At times, members of the new leadership have sent out radically different messages.

After Otunbaeva’s deputy Atambaev appeared to question the wisdom of allowing the United States to continue using a military airbase outside Bishkek, the acting prime minister had to reinforce her earlier assurances that the new Kyrgyz administration would honour an agreement with Washington allowing the base to be used as a transit route to supply US and its allied forces in Afghanistan.

Following Atambaev’s remarks at an April 12 press conference, Otunbaeva gave an interview the next day saying the annual agreement with the US which expires this July would be automatically extended.

Another example of mixed messages came after members of the police staged meetings to demand resignation of newly-appointed acting interior minister Bolotbek Sherniazov, who is deputy leader of Ata Meken. Police in the southern city of Jalalabad held a protest on April 17 and two days later similar actions took place in Osh and Bishkek.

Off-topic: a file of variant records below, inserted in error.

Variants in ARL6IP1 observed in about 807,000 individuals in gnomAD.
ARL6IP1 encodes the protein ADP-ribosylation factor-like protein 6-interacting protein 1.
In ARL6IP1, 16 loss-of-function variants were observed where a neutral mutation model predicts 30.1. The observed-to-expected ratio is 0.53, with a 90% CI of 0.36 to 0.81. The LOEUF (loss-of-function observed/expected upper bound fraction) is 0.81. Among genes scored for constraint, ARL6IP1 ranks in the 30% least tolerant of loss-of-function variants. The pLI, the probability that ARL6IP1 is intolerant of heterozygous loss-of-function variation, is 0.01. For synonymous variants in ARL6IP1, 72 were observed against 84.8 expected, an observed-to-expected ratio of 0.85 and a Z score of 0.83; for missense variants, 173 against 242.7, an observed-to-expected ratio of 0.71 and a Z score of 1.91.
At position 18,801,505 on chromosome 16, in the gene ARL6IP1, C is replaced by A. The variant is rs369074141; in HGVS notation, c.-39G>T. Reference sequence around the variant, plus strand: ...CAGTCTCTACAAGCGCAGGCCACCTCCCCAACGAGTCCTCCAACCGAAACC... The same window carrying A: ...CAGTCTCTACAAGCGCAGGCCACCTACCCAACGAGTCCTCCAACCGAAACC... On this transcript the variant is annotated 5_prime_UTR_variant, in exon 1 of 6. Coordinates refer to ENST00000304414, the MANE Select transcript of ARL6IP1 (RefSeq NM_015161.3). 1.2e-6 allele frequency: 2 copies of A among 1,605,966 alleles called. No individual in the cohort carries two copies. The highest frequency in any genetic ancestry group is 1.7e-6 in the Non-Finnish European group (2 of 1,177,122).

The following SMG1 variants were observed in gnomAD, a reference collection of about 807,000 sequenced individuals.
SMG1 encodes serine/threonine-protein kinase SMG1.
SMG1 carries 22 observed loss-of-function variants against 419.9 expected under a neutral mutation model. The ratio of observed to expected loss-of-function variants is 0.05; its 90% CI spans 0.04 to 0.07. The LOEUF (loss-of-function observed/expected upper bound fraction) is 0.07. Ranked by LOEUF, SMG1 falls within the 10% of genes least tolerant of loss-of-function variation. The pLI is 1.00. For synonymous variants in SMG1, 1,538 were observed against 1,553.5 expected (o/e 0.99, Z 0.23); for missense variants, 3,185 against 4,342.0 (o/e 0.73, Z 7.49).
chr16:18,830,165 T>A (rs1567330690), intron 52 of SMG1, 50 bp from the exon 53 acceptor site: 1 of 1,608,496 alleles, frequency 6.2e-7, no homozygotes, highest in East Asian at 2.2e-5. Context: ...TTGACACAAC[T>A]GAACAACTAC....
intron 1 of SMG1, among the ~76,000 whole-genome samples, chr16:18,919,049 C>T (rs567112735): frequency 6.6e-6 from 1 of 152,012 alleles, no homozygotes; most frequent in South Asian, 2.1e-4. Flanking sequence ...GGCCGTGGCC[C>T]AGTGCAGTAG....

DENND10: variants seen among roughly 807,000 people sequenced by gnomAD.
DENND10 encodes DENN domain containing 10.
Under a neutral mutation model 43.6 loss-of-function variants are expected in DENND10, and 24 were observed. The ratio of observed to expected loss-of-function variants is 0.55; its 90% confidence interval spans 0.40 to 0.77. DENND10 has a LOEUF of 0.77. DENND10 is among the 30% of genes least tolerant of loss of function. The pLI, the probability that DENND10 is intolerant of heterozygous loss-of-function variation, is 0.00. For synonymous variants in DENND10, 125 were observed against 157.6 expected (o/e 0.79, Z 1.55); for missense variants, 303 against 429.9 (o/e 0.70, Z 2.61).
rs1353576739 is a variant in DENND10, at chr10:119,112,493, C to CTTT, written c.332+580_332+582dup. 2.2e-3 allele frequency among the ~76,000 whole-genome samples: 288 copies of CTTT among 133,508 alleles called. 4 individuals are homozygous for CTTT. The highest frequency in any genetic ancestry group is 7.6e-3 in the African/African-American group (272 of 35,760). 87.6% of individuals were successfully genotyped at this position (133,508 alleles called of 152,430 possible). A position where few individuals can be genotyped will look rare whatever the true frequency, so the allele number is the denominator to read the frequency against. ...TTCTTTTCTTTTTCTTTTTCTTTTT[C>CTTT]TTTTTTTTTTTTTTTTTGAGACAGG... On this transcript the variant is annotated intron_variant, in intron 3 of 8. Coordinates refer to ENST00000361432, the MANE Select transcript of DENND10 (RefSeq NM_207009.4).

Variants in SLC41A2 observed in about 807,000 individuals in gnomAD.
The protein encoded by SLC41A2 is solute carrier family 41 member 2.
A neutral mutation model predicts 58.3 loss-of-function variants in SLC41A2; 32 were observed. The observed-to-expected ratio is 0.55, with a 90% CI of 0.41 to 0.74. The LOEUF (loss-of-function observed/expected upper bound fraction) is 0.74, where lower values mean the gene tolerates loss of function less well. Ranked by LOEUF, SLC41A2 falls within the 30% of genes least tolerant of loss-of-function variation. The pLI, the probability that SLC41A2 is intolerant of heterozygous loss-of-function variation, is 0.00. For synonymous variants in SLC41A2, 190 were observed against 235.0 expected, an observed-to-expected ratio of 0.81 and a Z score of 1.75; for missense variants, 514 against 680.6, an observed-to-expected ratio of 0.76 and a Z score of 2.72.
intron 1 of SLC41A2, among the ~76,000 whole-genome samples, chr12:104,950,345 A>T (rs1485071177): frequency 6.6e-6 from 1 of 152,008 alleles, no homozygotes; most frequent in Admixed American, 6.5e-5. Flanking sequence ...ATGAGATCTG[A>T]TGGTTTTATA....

The response from government was confusing and did little to defuse the situation. On April 19, a press release sent out from the email address of Edil Baisalov, head of the prime minister’s office, said that Sherniazov had been replaced by his deputy Bakyt Alymbekov, a career interior ministry officer.

But the next day, a government spokesman and the interior ministry denied this, saying Alymbekov was merely deputising for Sherniazov, who was unwell but would remain minister.

While some analysts see such statements as worrying examples of incoherence, Baktygulov is more forgiving, suggesting that they are merely the teething troubles of a new administration that is still taking shape.


Amidst the ambitions that are emerging among the new political class, Mars Sariev sees Otunbaeva as a stabilising force.